The Commercial Vehicle Safety Alliance (CVSA) and its members across the U.S., Canada and Mexico enforced compliance with commercial vehicle safety regulations, and removed high-risk carriers from the roads to ensure the public’s safety from June 5 to 7.
This year, Roadcheck placed specific attention on enforcing compliance with Hours-of-Service regulations, educating drivers and fleets about preventing driver fatigue, and checking brake system operations and brake adjustment.
“Consistently, every year we are seeing hours-of-service logbook violations leading by an overwhelming percentage of all driver violations cited – a total of 52.5% of all driver out-of-service violations,” said CVSA President David Palmer. “Hours-of-service rules are designed to reduce driver fatigue which can be a contributing factor in many large truck and bus crashes. Enforcement of hours-of-service limits is essential to ensuring compliance and combating driver fatigue.”
To do this, law enforcement during Roadcheck emphasized checking driver logbooks and underscored to drivers the importance of maintaining their logbooks, taking breaks, preventing fatigue, and driving without distractions. CVSA members conducted Level I inspections and recorded results for later comparison with past years’ results.
“For 25 years, the Federal Motor Carrier Safety Administration (FMCSA) has joined forces with CVSA to support the world’s largest targeted inspection and enforcement effort aimed at commercial vehicles and their drivers,” said FMCSA Administrator Anne Ferro. “Trucking is a difficult job and a big rig can be deadly when a driver is tired and overworked. We want to prevent fatigue-related crashes and save lives by enforcing the hours-of-service requirements.”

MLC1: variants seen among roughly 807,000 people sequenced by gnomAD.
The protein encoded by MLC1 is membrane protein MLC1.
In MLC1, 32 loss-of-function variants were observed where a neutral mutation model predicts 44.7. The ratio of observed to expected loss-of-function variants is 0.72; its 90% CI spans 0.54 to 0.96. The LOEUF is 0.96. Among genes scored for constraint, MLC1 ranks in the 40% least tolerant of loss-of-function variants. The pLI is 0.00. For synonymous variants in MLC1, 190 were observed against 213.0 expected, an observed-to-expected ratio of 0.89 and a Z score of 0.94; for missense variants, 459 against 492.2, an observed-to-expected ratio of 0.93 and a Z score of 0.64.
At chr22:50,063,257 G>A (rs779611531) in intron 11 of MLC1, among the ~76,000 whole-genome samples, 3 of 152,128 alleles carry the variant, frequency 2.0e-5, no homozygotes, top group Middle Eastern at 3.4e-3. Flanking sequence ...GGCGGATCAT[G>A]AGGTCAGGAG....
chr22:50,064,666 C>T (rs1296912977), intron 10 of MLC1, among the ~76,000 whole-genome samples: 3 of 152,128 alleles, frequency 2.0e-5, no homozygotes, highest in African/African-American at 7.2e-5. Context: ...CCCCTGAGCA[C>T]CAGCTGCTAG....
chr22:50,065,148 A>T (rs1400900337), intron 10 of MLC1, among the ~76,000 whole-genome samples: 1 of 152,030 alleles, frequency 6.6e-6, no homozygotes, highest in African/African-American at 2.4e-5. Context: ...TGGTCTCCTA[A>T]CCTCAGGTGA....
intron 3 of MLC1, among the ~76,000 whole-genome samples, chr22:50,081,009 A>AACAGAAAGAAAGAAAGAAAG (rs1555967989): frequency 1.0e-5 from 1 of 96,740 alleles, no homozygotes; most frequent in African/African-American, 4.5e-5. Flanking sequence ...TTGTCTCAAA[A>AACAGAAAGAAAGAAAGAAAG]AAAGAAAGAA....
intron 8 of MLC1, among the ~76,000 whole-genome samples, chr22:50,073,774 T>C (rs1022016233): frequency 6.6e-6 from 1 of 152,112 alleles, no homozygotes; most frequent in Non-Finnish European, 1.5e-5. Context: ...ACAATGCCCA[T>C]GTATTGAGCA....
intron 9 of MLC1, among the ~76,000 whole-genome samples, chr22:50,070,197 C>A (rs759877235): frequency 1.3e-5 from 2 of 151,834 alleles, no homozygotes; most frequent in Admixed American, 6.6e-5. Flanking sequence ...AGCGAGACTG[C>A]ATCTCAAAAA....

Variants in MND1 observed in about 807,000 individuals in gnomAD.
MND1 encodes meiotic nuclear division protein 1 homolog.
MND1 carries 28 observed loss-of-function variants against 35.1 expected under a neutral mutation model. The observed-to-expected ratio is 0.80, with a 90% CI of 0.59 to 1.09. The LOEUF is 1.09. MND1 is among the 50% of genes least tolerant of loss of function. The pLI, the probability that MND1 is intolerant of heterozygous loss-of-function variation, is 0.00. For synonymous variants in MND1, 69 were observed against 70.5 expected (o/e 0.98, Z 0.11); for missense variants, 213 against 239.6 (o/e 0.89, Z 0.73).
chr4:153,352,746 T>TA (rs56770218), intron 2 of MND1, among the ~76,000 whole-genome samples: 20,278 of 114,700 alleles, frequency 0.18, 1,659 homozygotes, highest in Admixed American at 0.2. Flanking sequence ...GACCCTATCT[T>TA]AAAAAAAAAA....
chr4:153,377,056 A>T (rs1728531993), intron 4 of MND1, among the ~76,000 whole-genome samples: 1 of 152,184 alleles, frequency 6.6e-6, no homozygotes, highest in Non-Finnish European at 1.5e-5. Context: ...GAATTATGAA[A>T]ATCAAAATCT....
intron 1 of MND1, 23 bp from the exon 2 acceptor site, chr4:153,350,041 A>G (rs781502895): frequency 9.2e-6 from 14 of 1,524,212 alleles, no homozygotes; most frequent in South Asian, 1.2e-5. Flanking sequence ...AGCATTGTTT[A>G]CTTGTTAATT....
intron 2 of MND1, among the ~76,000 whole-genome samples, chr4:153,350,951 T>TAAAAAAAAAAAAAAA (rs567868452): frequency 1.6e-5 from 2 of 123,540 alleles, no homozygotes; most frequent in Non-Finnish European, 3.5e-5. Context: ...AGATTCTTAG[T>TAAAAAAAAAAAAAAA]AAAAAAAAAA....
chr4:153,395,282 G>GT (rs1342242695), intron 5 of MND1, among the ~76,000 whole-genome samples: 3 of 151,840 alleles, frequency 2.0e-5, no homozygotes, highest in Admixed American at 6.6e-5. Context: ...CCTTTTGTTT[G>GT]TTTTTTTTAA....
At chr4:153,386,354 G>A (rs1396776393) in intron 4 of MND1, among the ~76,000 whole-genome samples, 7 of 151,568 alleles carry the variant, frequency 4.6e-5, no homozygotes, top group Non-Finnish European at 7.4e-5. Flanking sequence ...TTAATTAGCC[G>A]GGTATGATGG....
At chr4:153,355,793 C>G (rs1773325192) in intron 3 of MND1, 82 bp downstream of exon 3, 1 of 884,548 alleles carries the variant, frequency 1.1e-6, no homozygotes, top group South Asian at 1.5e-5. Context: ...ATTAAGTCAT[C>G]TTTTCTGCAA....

Several jurisdictions also used Roadcheck as an opportunity to address an alarming trend of poor vehicle maintenance and non-compliance with driver hours of service in oilfield, and especially, natural gas hydraulic fracturing operations, which have increased in number because of higher oil and gas prices and customer demand. These operations require significant commercial vehicle support, often in areas unaccustomed to heavy truck traffic. Many of these vehicles have been found to be poorly maintained, and drivers are oftentimes in violation of the legal hours of service limits. Some jurisdictions have already been conducting these kinds of activities for some time. This effort should give enforcement a bigger picture of issues previously known only on a more regional or local basis.
One of the top contributing factors in large truck and bus crashes is insufficient brake system maintenance. Brake system-related violations consistently appear at the top of the Roadcheck list of serious vehicle related violations—those that result in the vehicle being placed out of service. They account for a little more than half of the total vehicle out-of-service defects found.
CVSA posted a safety tip sheet which helps to educate drivers on what they can do to ensure they are thorough in their pre-trip inspections. Examples include suggestions to check for missing, non-functioning, loose, contaminated or cracked parts on the brake system; listen for audible air leaks around brake components and lines; and check brake adjustment; among several other areas.
Results from Roadcheck 2012 will be announced August 7 at CVSA’s North American Inspectors Championship in Minneapolis.